Tourism Industry Aotearoa is urging Northland's councils to capitalise on the current and projected strong growth in regional tourism.

TIA chief executive Chris Roberts said only a fraction of the $81.6 million daily spend tourists bring to the country occurs in tourism-specific places such as hotels and attractions.

"The balance takes place in cafes, bars, supermarkets, petrol stations, farmers markets, vineyards and other local businesses," he said.

The tourism spend in Northland is estimated to be $937 million for the year to June 2016, up 6 per cent compared with the year to June 2015.


TIA has identified eight priority actions for local government over the next two years and, in line with the organisation's Tourism 2025 vision, aims to grow annual total tourism turnover from around $30 billion annually to $41 billion.

They are: destination management; infrastructure facilitation; events programming measuring visitor satisfaction; off-peal marketing; regional development and tourism; enabling airport and port facility development and sustainable tourism positioning.

Paul Davis, from Northland Inc, said since his organisation is funded by the Northland Regional Council, it was closely aligned to the council anyway.

"We have ongoing discussions on marketing, events, infrastructure and delivering programmes all the time," he said.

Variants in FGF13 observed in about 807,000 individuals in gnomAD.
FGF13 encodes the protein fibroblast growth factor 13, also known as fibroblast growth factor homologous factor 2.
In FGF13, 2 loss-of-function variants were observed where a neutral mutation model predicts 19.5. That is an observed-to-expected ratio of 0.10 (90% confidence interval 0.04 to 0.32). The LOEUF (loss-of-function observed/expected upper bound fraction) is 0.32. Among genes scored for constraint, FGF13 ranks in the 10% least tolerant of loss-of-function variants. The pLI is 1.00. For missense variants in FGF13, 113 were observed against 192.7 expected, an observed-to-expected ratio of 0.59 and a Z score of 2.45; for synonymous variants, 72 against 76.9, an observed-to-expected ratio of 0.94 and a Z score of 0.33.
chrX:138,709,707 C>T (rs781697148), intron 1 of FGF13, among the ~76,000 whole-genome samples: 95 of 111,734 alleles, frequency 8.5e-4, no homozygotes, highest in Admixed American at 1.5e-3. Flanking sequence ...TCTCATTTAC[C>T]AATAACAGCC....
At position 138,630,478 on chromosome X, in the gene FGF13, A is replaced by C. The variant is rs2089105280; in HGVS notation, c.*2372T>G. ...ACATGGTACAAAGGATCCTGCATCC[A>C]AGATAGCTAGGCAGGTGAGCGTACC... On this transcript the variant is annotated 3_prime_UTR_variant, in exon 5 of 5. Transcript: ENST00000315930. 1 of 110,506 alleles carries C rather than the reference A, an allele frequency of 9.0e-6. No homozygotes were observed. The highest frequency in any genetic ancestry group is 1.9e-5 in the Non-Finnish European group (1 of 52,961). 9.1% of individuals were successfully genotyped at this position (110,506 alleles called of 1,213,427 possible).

Tania McInnes, deputy mayor of the Far North District Council and in charge of the council's tourism portfolio, said she backs the TIA suggestion.

"We have discussions with Northland Inc and the Bay of Islands Marketing Group and I agree that we could do a lot more in this area."

TIA is currently conducting seminars around the country, starting in Queenstown on July 12, to discuss regional "challenges and opportunities" with tourism businesses.

The workshops then move to Christchurch, Nelson, Wellington, Rotorua and Auckland.

Northland is not on the itinerary yet, but according to the TIA, the annual regional tourism expenditure for Northland is $223 million from international travellers and a further $714 million as a domestic spend, a total of $937 million.

That total is considerably more than Nelson-Tasman ($194 million) and Rotorua ($711 million).

Rose Northcott, communications specialist with TIA, said they were taking the one-day events to areas "where there is a high density of members".

In 2015 the regional summit was held in Paihia, she said.

Mr Davis said he will have to journey to Auckland to attend the seminar there, "as usual".